Centuries-old technique reveals hidden '3D' animals in Paleolithic cave art

We see four images of a horse painted on a cave wall. The bottom two images are brighter.
After taking the cave wall's contours into consideration, the researchers used the technique to reveal rock art depicting a horse. The bottom two images are processed with the computer software DStretch. (Image credit: Images prepared by R. Asiain & P. Saura; Antiquity Publications, Ltd.)

Using an unconventional, centuries-old method, researchers have identified hidden animal figures on the walls of a cave in Spain. The technique, called stereoscopic photography, dates back to the early 1800s but is perhaps best known for its use in the View-Master, the pre-VR viewer beloved by generations of kids.

Cave paintings are a well-known and long-standing artistic medium in Europe, dating back at least 40,000 years. Although archaeologists have studied this ancient art form for over a century, their focus has typically been on the two-dimensional features of the designs and, when recording the art, they have relied on sketches, tracings and photographs.

Recently, 3D recording and viewing methods have become popular among archaeologists. These methods capture more rock art detail than the 2D ones but are still typically viewed and studied as 2D images on a computer screen, which is not how the art's creators would have seen it.

A new study, published Aug. 17 in the journal Antiquity, changes how archaeologists view cave paintings, with stereoscopic photographs of art from the cave of La Pasiega in north-central Spain.

Raquel Asiain, an archaeologist and photographer at Complutense University of Madrid, and her colleagues devised a simple method for capturing the three-dimensional nature of the cave walls and the art on it.

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The photos show two previously unrecognized images in the cave. The bottom reveals those images after being processed with DStretch. (Image credit: Images prepared by R. Asiain & P. Saura; Antiquity Publications, Ltd.)

Pairs of high-resolution photographs taken 2.5 inches (63.5 millimeters) apart — the average distance between an adult's two pupils — can be viewed together, forcing the brain to perceive a 3D image. While stereoscopic photo pairs are best seen with a viewing device, the hidden 3D image can also be spotted with the naked eye, similarly to those in the trippy "Magic Eye" designs of the 1990s.

Over 700 depictions of animals, symbols, dots and lines cover the walls of La Pasiega, which was first discovered in 1911. But through their systematic study using stereoscopic photography, Asiain and colleagues discovered three previously hidden animals: two horses and one aurochs, an extinct cattle species.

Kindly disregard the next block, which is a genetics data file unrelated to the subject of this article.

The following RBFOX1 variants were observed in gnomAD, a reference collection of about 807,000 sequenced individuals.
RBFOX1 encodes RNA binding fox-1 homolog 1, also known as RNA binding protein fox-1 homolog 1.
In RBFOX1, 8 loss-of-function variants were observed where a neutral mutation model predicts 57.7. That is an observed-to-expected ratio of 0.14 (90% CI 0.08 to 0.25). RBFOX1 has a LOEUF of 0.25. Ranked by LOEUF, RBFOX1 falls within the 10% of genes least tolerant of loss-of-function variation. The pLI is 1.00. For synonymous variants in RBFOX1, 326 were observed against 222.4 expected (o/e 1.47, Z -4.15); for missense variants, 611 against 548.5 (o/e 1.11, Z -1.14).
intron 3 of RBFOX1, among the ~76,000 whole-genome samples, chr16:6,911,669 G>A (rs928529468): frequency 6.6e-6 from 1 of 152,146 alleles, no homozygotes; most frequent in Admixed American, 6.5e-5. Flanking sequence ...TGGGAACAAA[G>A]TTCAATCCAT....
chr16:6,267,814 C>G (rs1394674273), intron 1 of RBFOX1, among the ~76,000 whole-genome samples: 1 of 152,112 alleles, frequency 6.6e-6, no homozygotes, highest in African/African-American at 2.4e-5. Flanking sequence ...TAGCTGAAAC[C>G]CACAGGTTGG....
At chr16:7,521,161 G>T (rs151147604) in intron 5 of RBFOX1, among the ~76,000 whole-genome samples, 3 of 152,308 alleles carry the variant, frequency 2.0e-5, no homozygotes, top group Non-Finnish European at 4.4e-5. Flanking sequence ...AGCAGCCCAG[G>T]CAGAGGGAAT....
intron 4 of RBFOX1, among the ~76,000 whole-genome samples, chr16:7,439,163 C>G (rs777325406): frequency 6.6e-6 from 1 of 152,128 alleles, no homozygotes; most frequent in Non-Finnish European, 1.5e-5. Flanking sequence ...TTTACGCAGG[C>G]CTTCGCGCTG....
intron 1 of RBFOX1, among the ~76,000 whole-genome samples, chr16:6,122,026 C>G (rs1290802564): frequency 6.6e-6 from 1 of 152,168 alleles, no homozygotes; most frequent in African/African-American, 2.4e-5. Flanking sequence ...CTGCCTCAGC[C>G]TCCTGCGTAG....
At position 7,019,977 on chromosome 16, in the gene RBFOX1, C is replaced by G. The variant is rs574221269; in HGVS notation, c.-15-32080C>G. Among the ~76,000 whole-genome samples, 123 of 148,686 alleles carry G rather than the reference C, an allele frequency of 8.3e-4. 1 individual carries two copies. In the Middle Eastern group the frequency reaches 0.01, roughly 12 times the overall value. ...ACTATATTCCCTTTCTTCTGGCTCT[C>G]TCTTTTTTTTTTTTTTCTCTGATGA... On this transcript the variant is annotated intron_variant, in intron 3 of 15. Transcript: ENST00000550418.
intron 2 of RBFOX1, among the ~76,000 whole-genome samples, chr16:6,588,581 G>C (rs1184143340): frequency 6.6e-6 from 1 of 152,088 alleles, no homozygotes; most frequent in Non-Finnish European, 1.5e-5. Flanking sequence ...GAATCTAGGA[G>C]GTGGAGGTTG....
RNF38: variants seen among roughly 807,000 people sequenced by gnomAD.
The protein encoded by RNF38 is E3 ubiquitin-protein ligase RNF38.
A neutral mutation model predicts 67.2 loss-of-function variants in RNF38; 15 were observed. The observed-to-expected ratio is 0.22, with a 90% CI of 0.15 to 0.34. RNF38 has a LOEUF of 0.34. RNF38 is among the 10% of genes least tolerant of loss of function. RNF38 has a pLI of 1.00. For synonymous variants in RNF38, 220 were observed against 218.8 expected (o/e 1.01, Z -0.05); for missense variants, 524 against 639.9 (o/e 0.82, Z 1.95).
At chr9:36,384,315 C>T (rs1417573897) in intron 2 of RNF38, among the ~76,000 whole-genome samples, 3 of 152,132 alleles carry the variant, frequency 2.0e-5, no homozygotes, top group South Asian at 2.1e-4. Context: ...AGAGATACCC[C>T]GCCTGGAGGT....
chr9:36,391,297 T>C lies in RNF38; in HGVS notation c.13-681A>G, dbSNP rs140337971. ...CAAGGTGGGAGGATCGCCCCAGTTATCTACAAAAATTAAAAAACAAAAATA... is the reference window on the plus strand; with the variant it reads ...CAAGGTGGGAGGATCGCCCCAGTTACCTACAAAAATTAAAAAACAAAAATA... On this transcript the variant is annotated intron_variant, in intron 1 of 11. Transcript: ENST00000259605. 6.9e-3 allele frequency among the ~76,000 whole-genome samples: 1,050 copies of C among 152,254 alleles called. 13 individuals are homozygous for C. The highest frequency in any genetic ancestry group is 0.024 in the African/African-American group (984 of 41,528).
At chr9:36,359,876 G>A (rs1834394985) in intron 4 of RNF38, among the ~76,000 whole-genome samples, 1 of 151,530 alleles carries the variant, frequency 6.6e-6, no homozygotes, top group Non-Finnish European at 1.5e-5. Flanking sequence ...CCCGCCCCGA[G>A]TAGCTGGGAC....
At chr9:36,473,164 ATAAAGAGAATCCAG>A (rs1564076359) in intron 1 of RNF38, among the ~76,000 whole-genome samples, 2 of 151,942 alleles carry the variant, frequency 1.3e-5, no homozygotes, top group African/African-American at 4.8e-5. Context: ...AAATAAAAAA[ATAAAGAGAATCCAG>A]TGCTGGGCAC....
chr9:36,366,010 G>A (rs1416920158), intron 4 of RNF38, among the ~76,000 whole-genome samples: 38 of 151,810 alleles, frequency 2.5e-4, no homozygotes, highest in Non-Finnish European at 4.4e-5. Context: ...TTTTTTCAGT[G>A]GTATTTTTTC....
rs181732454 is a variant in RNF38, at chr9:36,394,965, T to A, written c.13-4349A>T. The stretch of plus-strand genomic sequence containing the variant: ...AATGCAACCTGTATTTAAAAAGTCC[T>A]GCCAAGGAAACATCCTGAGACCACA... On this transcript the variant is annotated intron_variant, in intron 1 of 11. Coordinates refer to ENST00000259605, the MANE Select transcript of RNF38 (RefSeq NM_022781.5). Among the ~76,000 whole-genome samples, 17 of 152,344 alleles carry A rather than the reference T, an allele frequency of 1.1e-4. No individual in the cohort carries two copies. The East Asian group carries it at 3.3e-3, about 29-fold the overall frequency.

The horses are easily viewed in high-resolution images that the researchers posted to Flickr. The digitally enhanced images reveal a horse below the deer image in the center, as well as the mane, neck and chest of another horse on the left. This latter horse is situated so that its head rests in a concave area of the cave wall, while the chest is in a convex area, enhancing the three-dimensionality of the animal.

Using 3D glasses, or even just by slightly crossing your eyes, it is easy to see the undulating character of the cave walls just as someone tens of thousands of years ago might have seen it.

"In Paleolithic cave art, artists used the natural shapes of caves to create their paintings," Asiain told Live Science in an email. "The need to preserve that 3D perception of the caves was one of the reasons that inspired me to use these stereoscope images." With their high photographic quality, the images let the researchers see the art in "real" 3D, not simulated with 3D scanners.

"The technique these authors employ is useful for reminding us how technically skilled these artists were and for giving us insight into the creative process," April Nowell, an archaeologist at the University of Victoria in Canada who was not involved in the study, told Live Science in an email. Publishing the stereoscopic images means the general public can come much closer to experiencing the art as people would have in the past, Nowell said, but "you are still missing the sound of dripping water, the cool dampness of the air."

Asiain remains fascinated with the evolution of the cave artists' techniques over time, particularly as "those artists began to understand the rock as another element of painting." She plans to incorporate additional methods in the future to more fully understand Paleolithic cave art, such as whether ancient artists manipulated and modeled the rock, perhaps through carving, to create figures in 3D.

Kristina Killgrove
Live Science contributor

Kristina Killgrove is an archaeologist with specialties in ancient human skeletons and science communication. Her academic research has appeared in numerous scientific journals, while her news stories and essays have been published in venues such as Forbes, Mental Floss and Smithsonian. Kristina earned a doctorate in anthropology from the University of North Carolina at Chapel Hill and also holds bachelor's and master's degrees in classical archaeology.